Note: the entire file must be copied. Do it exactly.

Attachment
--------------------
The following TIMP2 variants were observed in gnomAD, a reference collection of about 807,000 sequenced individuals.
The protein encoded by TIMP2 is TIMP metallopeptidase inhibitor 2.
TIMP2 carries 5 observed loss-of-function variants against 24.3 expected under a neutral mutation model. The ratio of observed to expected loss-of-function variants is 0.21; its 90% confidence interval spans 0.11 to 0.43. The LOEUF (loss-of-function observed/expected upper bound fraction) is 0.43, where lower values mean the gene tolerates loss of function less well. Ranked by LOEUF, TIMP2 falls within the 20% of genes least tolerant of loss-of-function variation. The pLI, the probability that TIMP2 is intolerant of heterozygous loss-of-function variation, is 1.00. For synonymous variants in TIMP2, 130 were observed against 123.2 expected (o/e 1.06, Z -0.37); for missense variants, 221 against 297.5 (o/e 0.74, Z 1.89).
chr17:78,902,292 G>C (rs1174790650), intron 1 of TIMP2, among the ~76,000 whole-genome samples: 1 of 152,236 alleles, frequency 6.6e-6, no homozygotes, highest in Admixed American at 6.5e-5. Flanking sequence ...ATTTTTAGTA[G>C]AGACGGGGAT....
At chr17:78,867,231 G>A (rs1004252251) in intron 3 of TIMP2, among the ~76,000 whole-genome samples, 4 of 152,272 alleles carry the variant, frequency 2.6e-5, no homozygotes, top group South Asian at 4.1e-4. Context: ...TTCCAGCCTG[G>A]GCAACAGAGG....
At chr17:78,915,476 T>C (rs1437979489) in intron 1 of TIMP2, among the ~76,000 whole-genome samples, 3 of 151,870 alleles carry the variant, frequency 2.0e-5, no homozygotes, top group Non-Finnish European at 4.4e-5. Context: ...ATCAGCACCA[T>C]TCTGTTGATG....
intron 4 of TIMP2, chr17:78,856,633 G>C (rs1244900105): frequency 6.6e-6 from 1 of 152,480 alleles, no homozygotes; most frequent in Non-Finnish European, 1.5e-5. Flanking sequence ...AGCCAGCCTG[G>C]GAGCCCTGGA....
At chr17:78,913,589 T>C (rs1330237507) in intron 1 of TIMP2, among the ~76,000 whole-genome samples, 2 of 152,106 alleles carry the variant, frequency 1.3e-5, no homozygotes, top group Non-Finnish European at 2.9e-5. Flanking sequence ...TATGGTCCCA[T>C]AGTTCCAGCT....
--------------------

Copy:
The following TIMP2 variants were observed in gnomAD, a reference collection of about 807,000 sequenced individuals.
The protein encoded by TIMP2 is TIMP metallopeptidase inhibitor 2.
TIMP2 carries 5 observed loss-of-function variants against 24.3 expected under a neutral mutation model. The ratio of observed to expected loss-of-function variants is 0.21; its 90% confidence interval spans 0.11 to 0.43. The LOEUF (loss-of-function observed/expected upper bound fraction) is 0.43, where lower values mean the gene tolerates loss of function less well. Ranked by LOEUF, TIMP2 falls within the 20% of genes least tolerant of loss-of-function variation. The pLI, the probability that TIMP2 is intolerant of heterozygous loss-of-function variation, is 1.00. For synonymous variants in TIMP2, 130 were observed against 123.2 expected (o/e 1.06, Z -0.37); for missense variants, 221 against 297.5 (o/e 0.74, Z 1.89).
chr17:78,902,292 G>C (rs1174790650), intron 1 of TIMP2, among the ~76,000 whole-genome samples: 1 of 152,236 alleles, frequency 6.6e-6, no homozygotes, highest in Admixed American at 6.5e-5. Flanking sequence ...ATTTTTAGTA[G>C]AGACGGGGAT....
At chr17:78,867,231 G>A (rs1004252251) in intron 3 of TIMP2, among the ~76,000 whole-genome samples, 4 of 152,272 alleles carry the variant, frequency 2.6e-5, no homozygotes, top group South Asian at 4.1e-4. Context: ...TTCCAGCCTG[G>A]GCAACAGAGG....
At chr17:78,915,476 T>C (rs1437979489) in intron 1 of TIMP2, among the ~76,000 whole-genome samples, 3 of 151,870 alleles carry the variant, frequency 2.0e-5, no homozygotes, top group Non-Finnish European at 4.4e-5. Context: ...ATCAGCACCA[T>C]TCTGTTGATG....
intron 4 of TIMP2, chr17:78,856,633 G>C (rs1244900105): frequency 6.6e-6 from 1 of 152,480 alleles, no homozygotes; most frequent in Non-Finnish European, 1.5e-5. Flanking sequence ...AGCCAGCCTG[G>C]GAGCCCTGGA....
At chr17:78,913,589 T>C (rs1330237507) in intron 1 of TIMP2, among the ~76,000 whole-genome samples, 2 of 152,106 alleles carry the variant, frequency 1.3e-5, no homozygotes, top group Non-Finnish European at 2.9e-5. Flanking sequence ...TATGGTCCCA[T>C]AGTTCCAGCT....